77 Critical and Radical Social Work • vol 4 • no 1 • 77–91 • © Policy Press 2015 • #CRSW Print ISSN 2049 8608 • Online ISSN 2049 8675 • http://dx.doi.org/10.1332/204986015X14502659300361 article What about my dad? Black fathers and the child protection system Anna Gupta, email@example.com Royal Holloway, University of London, UK Brid Featherstone, firstname.lastname@example.org University of Huddersfield, UK This article explores social work practice with black fathers within the child protection and family court systems through the analysis of case studies
Since the election in 2008 of Barack Obama to the Presidency of the United States there have been a plethora of books, films, and articles about the role of race in the election of the first person of color to the White House. None of these works though delves into the intricacies of Mr. Obama’s biracial background and what it means. Obama and the Biracial Factor is the first book to explore the significance of mixed-race identity as a key factor in the election of President Obama and examines the sociological and political relationship between race, power, and public policy in the United States with an emphasis on public discourse and ethnic representation in his election .
Jolivette and his co-authors bring biracial identity and multiraciality to forefront of our understanding of racial projects since his election. Additionally the authors assert the salience of mixed-race identity in U.S. policy and the on-going impact of the media and popular culture on the development, implementation, and interpretation of government policy and ethnic relations in the U.S. and globally.
Obama and the Biracial Factor speaks to a wide array of academic disciplines ranging from political science and public policy to sociology and ethnic studies.
Race Policy and Multiracial Americans is the first book to look at the impact of multiracial people on race policies—where they lag behind the growing numbers of multiracial people in the U.S. and how they can be used to promote racial justice for multiracial Americans. Using a critical mixed race perspective, it covers such questions as: Which policies aimed at combating racial discrimination should cover multiracial Americans? Should all (or some) multiracial Americans benefit from affirmative action programmes? How can we better understand the education and health needs of multiracial Americans?This much-needed book is essential reading for sociology, political science and public policy students, policy makers, and anyone interested in race relations and social justice.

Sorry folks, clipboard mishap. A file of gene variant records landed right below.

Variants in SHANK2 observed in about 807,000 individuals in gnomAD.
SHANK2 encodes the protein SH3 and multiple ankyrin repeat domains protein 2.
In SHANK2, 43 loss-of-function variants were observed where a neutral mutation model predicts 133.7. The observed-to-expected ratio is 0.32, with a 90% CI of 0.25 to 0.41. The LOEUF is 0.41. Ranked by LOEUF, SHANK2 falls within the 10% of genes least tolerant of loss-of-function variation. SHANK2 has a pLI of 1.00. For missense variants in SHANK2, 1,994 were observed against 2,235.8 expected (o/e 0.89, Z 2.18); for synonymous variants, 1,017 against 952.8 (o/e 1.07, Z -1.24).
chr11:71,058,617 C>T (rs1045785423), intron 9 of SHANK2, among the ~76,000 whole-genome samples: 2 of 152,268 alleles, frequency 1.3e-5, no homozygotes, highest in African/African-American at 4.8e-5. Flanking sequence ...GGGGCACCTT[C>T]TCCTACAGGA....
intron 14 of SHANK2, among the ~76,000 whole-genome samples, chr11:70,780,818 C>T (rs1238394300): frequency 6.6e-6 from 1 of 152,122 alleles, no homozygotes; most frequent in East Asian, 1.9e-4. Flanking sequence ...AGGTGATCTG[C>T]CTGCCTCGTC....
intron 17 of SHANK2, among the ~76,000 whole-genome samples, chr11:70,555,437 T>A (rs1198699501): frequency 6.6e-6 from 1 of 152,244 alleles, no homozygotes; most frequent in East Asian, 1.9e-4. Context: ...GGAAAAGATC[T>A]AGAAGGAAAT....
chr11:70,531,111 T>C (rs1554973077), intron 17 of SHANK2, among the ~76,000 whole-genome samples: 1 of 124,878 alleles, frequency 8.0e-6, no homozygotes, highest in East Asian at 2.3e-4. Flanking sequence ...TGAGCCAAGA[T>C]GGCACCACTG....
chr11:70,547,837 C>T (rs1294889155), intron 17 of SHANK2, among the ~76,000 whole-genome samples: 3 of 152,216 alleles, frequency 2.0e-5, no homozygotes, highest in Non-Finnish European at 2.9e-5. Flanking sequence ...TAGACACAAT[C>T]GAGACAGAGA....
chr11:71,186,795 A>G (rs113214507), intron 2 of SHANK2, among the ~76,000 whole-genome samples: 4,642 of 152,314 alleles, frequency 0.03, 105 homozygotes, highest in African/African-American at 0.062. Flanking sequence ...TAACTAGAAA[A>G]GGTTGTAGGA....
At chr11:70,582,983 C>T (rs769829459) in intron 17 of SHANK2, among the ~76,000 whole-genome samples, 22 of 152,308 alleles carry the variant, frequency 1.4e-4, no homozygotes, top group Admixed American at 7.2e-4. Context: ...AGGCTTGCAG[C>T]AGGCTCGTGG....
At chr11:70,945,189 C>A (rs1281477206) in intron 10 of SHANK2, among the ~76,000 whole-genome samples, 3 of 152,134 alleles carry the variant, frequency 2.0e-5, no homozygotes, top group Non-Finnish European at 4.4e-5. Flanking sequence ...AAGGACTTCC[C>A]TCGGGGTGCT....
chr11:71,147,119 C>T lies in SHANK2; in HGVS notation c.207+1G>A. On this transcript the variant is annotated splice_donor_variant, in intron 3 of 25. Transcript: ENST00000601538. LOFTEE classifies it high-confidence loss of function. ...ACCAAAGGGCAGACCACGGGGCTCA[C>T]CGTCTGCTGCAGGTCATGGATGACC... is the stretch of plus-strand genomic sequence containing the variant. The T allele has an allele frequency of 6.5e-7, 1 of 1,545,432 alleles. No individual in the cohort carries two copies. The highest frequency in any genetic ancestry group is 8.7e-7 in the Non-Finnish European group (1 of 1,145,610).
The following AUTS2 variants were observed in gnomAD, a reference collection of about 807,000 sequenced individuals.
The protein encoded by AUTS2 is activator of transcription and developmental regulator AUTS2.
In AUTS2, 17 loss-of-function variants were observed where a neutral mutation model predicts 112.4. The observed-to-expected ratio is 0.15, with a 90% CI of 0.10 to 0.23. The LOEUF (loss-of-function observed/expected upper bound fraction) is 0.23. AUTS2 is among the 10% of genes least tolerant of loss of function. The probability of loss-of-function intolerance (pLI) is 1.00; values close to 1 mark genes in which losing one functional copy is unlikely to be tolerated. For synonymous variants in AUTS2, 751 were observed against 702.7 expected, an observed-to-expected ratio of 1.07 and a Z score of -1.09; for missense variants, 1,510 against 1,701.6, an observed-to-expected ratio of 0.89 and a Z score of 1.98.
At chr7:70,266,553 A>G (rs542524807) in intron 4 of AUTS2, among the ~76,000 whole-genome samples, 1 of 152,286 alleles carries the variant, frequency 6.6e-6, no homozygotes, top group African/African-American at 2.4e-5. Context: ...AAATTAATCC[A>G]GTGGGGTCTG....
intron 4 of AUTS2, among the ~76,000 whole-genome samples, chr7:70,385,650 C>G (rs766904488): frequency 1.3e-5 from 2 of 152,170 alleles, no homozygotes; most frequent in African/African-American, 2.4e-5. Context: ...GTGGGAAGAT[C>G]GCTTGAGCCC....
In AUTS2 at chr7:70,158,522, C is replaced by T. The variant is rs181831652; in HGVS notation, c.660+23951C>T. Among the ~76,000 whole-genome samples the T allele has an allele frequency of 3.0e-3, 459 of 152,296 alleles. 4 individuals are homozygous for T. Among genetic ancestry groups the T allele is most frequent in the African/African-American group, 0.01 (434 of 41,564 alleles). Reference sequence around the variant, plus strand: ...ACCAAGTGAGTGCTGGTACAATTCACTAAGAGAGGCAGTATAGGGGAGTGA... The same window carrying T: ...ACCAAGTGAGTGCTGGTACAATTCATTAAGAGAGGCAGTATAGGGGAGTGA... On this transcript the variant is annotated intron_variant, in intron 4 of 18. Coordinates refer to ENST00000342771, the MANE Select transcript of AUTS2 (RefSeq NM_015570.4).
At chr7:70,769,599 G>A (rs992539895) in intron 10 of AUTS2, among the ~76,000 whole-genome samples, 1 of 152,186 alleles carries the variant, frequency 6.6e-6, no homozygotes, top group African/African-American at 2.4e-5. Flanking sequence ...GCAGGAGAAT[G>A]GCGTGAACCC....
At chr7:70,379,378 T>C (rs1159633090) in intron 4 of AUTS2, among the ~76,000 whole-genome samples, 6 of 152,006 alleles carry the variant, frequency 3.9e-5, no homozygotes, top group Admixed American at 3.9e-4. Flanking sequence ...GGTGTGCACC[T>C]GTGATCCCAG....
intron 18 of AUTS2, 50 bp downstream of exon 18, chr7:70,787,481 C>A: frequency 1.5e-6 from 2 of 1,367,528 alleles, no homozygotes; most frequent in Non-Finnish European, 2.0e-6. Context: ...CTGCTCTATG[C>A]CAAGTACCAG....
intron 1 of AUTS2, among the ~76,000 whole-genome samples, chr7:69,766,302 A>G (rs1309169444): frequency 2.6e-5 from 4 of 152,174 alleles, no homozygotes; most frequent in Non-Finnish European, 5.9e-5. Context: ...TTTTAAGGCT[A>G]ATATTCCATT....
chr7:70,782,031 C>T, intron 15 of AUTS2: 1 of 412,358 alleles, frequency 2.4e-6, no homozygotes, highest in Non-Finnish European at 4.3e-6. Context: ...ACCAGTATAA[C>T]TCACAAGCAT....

Since 1997, child welfare services have been faced with new demands to engage fathers or develop father-inclusive services. This book emerges from work by the author as a researcher and educator over many years on the issues posed by this agenda for child welfare practitioners in a variety of contexts.
In locating fathers, fathering and fatherhood within a historical and social landscape, the book addresses issues seldom taken up in practice settings. It explores diversity and complexity in fathering in different disciplines such as psychoanalysis, sociology and psychology and analyses contemporary developments in social policies and welfare practices. The author employs a feminist perspective to highlight the opportunities and dangers in contemporary developments for those wishing to advance gender equity.
A key strength of the book is its inter-disciplinary focus. It will be required reading for students, graduate and postgraduate, of social work, social policy, sociology and child and family studies. Academic researchers will also find the book invaluable because of its breadth of scholarship.
Disproportionate Minority Contact (DMC) refers to the proportional overrepresentation of minority youth at each step of the juvenile justice system.
This book addresses the issue of color-blind racism through an examination of the circular logic used by the juvenile justice system to criminalize non-White youth.
Drawing on original data, including interviews with court and probation officers and juvenile self-reports, the authors call for a need to understand racial and ethnic inequality in the juvenile justice system from a structural perspective rather than simply at the level of individual bias.
This unique research will contribute to larger discussions on how race operates in the United States.
Anna Tarrant’s revealing research explores the dynamics of men’s caring responsibilities in low-income families’ lives.